14.   Capitalization
 
Guarantees


 



The Company clears its non-Canadian customers’ futures
transactions on an omnibus basis through a futures commission
merchant. The Company introduces its Canadian securities
customers’ accounts to a clearing broker who clears and
carries all customer securities account activity. The Company
clears its Canadian customers’ futures transactions on an
omnibus basis through a separate futures commission merchant.
The Company has agreed to indemnify its third-party clearing
broker and both of its clearing futures commission merchants for
losses that they may sustain for the customer accounts
introduced to them by the Company.


 



The Company provides guarantees to its clearing organizations
and exchanges under their standard membership agreements, which
require members to guarantee the performance of other members.
Under the agreements, if another member becomes unable to
satisfy its obligations to the clearing organization or
exchange, other members would be required to meet shortfalls.
The Company’s liability under these arrangements is not
quantifiable and may exceed the cash and securities it has
posted as collateral. However, the Company believes that it is
unlikely that it will have to make any material payments under
these arrangements, and no liabilities related to these
guarantees have been recognized in the accompanying consolidated
financial statements.


 



The Company guaranteed a SG$7,500 (approximately US$5,188 as of
December 31, 2007) letter of credit issued to the
Monetary Authority of Singapore in connection with its
subsidiary, optionsXpress Singapore Pte. Ltd., becoming
registered as a broker in Singapore. The Company pledged $5,188
of short-term investments to guarantee this letter of credit.


 















14.  

Capitalization


 




This excerpt taken from the OXPS 10-K filed Mar 1, 2007.
Guarantees
 
In margin transactions, the Company may be obligated for credit that it has extended to its customers. The Company introduces its Canadian customers’ accounts to the clearing broker who clears and carries all customer account activity. The Company clears its futures transactions on an omnibus basis with a futures clearing merchant. The Company has agreed to indemnify its Canadian clearing broker and its futures clearing merchant for losses that they may sustain for the customer accounts introduced to them by the Company.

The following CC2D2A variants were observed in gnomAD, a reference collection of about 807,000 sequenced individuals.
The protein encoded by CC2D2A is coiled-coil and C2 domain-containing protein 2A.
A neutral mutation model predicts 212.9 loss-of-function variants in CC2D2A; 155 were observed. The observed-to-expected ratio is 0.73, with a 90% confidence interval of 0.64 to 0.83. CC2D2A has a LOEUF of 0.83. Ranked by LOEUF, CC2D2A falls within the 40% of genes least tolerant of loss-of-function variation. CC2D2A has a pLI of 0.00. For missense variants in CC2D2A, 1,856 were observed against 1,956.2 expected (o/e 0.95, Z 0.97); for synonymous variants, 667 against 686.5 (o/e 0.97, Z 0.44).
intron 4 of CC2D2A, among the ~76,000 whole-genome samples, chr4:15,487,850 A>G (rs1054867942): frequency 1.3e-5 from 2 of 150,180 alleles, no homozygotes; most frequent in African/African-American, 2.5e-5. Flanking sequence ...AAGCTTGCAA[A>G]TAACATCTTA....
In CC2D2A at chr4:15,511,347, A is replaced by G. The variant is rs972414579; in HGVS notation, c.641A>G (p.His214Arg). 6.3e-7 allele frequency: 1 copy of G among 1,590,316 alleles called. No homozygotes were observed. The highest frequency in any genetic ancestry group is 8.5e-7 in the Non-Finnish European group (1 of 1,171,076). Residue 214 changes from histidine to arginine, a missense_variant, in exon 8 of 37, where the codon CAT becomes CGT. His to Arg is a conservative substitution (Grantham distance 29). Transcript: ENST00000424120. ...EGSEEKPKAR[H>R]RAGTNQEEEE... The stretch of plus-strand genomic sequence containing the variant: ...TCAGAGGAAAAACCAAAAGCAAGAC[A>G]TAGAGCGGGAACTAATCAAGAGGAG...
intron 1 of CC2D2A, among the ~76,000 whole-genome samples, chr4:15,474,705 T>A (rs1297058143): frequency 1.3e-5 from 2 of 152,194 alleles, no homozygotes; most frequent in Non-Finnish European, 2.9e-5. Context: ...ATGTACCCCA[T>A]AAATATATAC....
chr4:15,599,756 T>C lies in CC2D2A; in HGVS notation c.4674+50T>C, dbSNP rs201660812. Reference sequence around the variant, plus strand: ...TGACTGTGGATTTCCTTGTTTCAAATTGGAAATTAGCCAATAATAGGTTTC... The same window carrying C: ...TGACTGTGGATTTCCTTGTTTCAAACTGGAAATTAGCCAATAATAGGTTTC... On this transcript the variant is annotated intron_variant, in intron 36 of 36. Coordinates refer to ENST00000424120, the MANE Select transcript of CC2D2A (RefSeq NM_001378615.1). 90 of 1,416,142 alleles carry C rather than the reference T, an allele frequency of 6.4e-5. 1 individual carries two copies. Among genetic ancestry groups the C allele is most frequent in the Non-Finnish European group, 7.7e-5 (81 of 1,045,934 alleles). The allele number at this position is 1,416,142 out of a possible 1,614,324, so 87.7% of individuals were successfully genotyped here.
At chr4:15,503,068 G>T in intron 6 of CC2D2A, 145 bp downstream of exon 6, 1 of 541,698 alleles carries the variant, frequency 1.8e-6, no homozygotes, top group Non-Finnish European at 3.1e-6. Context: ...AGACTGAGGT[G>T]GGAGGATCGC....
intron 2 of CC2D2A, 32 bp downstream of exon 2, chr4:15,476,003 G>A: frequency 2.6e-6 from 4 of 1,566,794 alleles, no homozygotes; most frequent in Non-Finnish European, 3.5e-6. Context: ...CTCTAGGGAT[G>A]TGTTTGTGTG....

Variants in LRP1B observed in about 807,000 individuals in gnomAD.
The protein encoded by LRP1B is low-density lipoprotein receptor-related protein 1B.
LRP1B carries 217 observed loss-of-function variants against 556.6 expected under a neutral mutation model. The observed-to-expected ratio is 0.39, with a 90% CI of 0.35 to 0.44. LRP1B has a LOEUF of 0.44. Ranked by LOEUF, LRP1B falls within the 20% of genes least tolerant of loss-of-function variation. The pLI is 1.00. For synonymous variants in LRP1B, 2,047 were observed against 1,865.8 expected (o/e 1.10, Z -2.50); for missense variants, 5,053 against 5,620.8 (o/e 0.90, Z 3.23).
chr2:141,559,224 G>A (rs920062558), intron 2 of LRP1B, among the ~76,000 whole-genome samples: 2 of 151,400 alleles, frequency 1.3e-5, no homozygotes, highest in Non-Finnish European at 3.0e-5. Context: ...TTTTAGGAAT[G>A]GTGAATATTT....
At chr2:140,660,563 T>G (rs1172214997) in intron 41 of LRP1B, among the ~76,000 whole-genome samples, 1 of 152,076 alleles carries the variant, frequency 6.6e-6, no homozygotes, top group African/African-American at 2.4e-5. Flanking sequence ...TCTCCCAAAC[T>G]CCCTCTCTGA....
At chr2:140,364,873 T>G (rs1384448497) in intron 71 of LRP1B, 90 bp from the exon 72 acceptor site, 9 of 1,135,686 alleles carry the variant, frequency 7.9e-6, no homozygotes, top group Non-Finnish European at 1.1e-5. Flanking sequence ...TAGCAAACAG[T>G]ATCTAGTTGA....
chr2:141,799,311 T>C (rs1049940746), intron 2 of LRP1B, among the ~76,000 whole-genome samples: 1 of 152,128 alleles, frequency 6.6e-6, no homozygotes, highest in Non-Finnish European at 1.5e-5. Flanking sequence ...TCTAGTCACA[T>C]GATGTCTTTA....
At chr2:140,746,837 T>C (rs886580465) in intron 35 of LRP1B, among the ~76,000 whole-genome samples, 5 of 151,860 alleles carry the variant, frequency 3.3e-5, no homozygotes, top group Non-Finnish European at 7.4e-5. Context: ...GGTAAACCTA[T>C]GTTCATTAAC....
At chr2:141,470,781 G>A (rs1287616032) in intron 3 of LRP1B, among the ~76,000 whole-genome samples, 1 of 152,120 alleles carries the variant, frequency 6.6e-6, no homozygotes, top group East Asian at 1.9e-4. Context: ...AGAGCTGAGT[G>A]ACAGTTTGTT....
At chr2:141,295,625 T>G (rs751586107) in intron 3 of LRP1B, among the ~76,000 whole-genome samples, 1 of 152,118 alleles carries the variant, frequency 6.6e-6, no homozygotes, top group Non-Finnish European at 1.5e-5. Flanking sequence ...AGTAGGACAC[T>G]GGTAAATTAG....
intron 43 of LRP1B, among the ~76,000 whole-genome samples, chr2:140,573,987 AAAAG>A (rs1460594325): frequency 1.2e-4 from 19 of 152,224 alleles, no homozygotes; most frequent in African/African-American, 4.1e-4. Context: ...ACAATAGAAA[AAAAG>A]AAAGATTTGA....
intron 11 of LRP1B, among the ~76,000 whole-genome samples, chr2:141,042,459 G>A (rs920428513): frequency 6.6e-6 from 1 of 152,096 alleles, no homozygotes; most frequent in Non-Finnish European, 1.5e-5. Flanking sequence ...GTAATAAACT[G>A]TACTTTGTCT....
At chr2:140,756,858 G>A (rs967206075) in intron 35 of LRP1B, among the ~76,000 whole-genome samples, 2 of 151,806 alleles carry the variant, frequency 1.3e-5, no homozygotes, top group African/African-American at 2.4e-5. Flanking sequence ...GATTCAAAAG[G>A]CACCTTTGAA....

In accordance with applicable margin lending practices, customer balances are typically collateralized by customer securities and supported by other types of recourse. Compliance with the various guidelines is monitored daily and, pursuant to such guidelines, customers may be required to deposit additional collateral, or reduce positions, when necessary. As of December 31, 2006, the Company had $127,073 in credit extended to its customers. The Company is also exposed to risk from the leverage extended to its customers from short sale transactions. The margin and leverage requirements that the Company imposes on its customer accounts meet or exceed those required by Regulation T of the Board of Governors of the Federal Reserve. The amount of this risk is not quantifiable since the risk is dependent upon analysis of a potential significant and undeterminable rise or fall in stock prices. As a result, the Company is exposed to significant off-balance sheet credit risk in the event customer collateral is not sufficient to fully cover losses that customers may incur. In the event customers fail to satisfy their obligations, the Company may be required to purchase or sell financial instruments at prevailing market prices to fulfill the customers’ obligations. The Company believes that it is unlikely that it will have to make any material payments under these arrangements, and no liabilities related to these guarantees and indemnifications have been recognized in the accompanying consolidated financial statements.
 
The Company borrows securities temporarily from other broker-dealers in connection with its broker-dealer business. The Company deposits cash as collateral for the securities borrowed. Decreases in securities prices may cause the market value of the securities borrowed to fall below the amount of cash deposited as collateral. In the event the counterparty to these transactions does not return the cash deposited, the Company may be exposed to the risk of selling the securities at prevailing market prices. The Company seeks to manage this risk by requiring credit approvals for counterparties, by monitoring the collateral values on a daily basis, and by requiring additional collateral as needed.
 
The Company provides guarantees to its clearing organizations and exchanges under their standard membership agreements, which require members to guarantee the performance of other members. Under the agreements, if another member becomes unable to satisfy its obligations to the clearing organization or exchange, other members would be required to meet shortfalls. The Company’s liability under these arrangements is not quantifiable and may exceed the cash and securities it has posted as collateral. However, the Company believes that it is unlikely that it will have to make any material payments under these arrangements, and no liabilities related to these guarantees have been recognized in the accompanying consolidated financial statements.
 
The Company guaranteed a SG$7,500 (approximately US$4,889 as of December 31, 2006) letter of credit issued to the Monetary Authority of Singapore in connection with it subsidiary, optionsXpress Singapore Pte. Ltd., becoming registered as a broker in Singapore.
 
12.   Capitalization